Inheritances – a relic of the past?

A touchy subject I suspect, as I know of quite a few Boomers, Gen Xs and Ys that are counting on inheritances from the Zoomers and then down through the other generations, to fund their own financial independence. Numerous studies have pointed to the trillions of dollars currently in the hands of the rapidly aging Zoomers and old Boomers that will be left to the younger groups – but will that actually happen?

Having been in this industry for more than 40 years, I have seen first-hand the results of inheritances – some that were positive experiences but most, regrettably, were not. One situation comes to mind where a young person inherited close to $900,000 from a parent – it lasted less than 9 months and accomplished nothing other than totally wrecking multiple vehicles worth more than $500,000, some outlandish trips and spending sprees – nothing was left from the hard work of the parent’s lives. Was this what was intended? Most certainly not.

Speaking with more and more Zoomers and Boomers, the attitude seems to be far closer to the well-known bumper sticker: “We’re spending our kid’s inheritances.” But why is this happening? Even the multi-billionnaires are getting into the act with various pre- and post-mortem gifts being planned as the Jimmys, Sir Richards, Bills and Warrens are donating massive sums to charitable foundations rather than pass it all to family and/or friends.

But these people aside, why the apparent change in attitudes towards leaving an inheritance to family members? Could it be that parents are recognizing they gave everything to raise their children, pay for food, clothing, shelter, education, etc.? Gave them the love and caring support they needed to reach adulthood? Could it be that increasing longevity has made people aware that their first priority is not to become a burden on others? Could it be that people are looking to enjoy more in their post-employment lives that has been the case in the past 60 years?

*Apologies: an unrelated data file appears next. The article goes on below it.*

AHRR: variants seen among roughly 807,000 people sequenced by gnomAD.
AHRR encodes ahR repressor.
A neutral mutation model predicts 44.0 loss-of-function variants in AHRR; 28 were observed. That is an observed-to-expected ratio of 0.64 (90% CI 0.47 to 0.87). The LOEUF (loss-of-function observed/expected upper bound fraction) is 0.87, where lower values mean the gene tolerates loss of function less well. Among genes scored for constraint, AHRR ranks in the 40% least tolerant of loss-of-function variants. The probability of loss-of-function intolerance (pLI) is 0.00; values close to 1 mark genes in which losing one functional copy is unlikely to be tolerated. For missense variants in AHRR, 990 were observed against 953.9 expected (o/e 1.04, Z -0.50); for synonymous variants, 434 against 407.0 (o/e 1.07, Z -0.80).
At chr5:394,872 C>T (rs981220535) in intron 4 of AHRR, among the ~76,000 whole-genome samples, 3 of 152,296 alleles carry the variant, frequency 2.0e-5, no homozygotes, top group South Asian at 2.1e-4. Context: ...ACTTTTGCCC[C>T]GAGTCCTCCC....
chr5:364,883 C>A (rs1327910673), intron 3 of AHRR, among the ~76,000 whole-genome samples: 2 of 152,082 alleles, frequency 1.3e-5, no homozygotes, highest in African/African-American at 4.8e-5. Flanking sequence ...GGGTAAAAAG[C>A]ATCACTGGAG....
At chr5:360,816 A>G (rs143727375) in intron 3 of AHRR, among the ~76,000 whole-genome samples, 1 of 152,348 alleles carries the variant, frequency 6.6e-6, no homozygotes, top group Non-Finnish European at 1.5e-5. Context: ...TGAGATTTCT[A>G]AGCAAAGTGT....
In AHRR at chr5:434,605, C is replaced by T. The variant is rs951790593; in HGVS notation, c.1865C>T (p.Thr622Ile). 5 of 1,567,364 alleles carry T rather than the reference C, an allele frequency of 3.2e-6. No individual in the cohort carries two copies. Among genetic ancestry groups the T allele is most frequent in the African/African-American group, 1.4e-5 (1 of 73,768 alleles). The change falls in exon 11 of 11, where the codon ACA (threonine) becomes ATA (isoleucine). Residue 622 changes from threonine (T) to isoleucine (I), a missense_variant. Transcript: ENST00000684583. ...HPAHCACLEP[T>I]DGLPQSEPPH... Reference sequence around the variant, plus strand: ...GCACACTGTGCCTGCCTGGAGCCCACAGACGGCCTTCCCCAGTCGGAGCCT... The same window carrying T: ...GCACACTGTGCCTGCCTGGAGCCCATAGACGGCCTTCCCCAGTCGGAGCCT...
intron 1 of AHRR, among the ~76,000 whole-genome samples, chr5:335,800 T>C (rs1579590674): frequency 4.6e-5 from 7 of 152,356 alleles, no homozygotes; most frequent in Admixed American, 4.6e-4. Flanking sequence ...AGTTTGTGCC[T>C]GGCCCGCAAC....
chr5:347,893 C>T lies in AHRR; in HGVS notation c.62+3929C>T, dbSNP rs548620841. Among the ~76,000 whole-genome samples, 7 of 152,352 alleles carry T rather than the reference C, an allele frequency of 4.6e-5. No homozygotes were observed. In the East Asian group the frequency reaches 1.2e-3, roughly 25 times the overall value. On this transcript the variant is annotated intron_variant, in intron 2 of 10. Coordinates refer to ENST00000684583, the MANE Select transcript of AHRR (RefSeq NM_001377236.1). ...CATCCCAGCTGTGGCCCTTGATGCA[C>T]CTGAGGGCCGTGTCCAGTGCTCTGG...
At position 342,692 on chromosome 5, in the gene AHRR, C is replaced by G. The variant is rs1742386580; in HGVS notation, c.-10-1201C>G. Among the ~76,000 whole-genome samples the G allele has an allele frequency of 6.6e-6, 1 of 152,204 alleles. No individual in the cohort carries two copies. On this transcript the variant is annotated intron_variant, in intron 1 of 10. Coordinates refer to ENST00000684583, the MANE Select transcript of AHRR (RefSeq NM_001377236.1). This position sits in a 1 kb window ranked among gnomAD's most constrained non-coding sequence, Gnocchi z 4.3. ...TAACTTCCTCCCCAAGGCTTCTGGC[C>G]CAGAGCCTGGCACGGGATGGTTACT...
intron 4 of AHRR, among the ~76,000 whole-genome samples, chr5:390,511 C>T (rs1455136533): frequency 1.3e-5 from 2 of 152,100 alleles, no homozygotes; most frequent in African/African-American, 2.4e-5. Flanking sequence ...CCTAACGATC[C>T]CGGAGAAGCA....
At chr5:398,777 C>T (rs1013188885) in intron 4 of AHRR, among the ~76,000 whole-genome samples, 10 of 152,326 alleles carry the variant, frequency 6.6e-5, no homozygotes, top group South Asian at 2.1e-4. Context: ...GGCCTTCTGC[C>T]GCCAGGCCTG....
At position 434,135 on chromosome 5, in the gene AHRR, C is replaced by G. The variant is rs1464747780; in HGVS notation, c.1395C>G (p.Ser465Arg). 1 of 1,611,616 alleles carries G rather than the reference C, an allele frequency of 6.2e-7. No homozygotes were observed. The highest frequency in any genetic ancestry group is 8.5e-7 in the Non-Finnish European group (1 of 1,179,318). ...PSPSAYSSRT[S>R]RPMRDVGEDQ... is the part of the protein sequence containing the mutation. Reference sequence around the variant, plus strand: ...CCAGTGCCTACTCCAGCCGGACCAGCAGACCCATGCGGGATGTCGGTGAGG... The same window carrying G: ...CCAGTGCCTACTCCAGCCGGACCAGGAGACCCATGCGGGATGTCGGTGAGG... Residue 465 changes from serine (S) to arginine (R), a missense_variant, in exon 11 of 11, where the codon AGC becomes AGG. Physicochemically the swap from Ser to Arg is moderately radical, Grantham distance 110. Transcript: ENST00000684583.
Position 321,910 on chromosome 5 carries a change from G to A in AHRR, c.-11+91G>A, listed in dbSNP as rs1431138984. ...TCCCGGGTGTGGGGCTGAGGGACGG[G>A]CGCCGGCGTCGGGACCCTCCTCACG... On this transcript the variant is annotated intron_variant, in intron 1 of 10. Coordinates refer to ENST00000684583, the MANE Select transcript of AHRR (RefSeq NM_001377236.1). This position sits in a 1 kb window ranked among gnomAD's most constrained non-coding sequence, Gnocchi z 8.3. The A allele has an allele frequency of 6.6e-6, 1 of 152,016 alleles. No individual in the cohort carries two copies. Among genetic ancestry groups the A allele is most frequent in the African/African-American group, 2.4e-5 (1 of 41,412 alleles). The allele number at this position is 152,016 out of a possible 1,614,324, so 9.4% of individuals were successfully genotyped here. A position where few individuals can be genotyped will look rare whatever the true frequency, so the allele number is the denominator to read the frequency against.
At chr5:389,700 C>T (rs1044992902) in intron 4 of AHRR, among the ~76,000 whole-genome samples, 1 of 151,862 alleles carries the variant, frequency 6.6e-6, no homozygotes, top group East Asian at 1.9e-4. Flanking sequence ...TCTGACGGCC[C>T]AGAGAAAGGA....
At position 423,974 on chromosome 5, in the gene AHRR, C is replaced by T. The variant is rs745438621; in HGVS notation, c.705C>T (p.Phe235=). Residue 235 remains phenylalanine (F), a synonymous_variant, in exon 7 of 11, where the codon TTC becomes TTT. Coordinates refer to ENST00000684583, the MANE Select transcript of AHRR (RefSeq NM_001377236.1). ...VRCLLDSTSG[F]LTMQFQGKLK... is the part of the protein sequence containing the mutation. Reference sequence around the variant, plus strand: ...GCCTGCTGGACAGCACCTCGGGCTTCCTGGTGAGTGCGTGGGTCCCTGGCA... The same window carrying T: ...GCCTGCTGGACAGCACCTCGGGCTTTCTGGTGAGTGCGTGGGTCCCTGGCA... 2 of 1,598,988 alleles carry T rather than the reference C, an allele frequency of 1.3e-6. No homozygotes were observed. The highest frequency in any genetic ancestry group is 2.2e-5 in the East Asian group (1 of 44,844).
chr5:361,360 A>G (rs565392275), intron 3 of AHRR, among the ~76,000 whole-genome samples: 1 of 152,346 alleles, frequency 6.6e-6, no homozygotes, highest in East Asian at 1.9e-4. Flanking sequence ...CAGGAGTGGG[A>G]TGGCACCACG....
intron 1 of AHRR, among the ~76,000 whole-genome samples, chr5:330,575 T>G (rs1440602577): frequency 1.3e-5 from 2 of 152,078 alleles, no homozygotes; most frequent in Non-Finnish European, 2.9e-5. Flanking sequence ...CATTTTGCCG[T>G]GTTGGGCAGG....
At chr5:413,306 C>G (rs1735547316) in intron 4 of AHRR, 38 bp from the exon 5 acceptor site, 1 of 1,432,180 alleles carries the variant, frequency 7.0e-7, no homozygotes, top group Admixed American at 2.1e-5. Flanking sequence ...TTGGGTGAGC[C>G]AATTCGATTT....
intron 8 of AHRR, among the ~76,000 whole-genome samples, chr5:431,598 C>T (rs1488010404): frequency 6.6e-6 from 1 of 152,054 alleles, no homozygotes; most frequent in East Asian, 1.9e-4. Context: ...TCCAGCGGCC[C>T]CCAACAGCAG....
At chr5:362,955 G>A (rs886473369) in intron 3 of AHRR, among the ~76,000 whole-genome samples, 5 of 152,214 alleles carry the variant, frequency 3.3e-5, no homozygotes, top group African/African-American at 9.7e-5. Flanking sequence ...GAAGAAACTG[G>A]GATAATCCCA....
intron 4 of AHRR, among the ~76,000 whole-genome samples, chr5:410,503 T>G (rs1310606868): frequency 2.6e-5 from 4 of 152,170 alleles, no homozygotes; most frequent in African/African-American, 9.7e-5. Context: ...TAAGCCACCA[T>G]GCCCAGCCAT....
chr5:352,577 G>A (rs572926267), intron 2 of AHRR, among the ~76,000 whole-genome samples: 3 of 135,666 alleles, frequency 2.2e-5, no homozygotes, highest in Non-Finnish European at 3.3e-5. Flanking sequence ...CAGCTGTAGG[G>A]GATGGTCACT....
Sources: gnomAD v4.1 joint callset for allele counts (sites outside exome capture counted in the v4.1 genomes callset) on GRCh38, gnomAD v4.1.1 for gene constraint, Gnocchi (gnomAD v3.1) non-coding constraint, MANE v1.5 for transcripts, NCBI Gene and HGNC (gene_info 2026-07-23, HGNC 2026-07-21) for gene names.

Are we now awakening to the true cost of caring for ourselves as we age? Are we finally recognizing that the various levels of government will not provide the standard of care to which we feel entitled?

I certainly don’t have the answers and my guess is that there are many factors at work. What I do know, however, is that very few Gen Xs, Ys or Millenials are going to lie in the lap of luxury when their parents finally pass away.

A mentor once told me something very profound – every monkey has to hang by their own tail. Is your tail strong enough to support you?

Ian Whiting

Ian R. Whiting CD, CFP, CLU, CH.F.C., FLMI (FS), ACS, AIAA, AALU With more than 40-years of experience in the industry, Ian has qualified 3 times for MDRT, completed LUATC in 1979, the LUAC Financial Planning Skills Course and attended numerous Schools in Agency Management and Sales Management through LIMRA. He obtained his CLU in 1987 while also completed his IFIC qualification and completed his Fellowship in the Life Management Institute with a specialty in Financial Services in 1988. In 1989, he completed qualifications for his Chartered Financial Consultant designation. In 1992, he qualified as an Associate of the Academy of Life Underwriters (Head Office underwriter qualification) and in 1993 he completed his Associate, Customer Service designation program through LOMA. In 1997, he qualified as a CFP and also completed his courses and exams to obtain the Associate, Insurance Agency Administration designation. In 1999, he completed the study and examinations to qualify as a Trading Officer, Partner and Director for Mutual Funds with the BC Securities Commission. As a result, he is also qualified as both a Branch Compliance Manager and Head Office/Provincial Compliance Officer. He served for nearly 18 years with the Canadian Forces (Air) Reserve (reaching the rank of Captain) primarily working with Air Cadets and was award the Canadian Forces Decoration (CD) in 1982. Long known as a maverick and forward thinker in the financial services world, Ian enjoys the challenge of learning new material and planning for the future evolution of his chosen profession.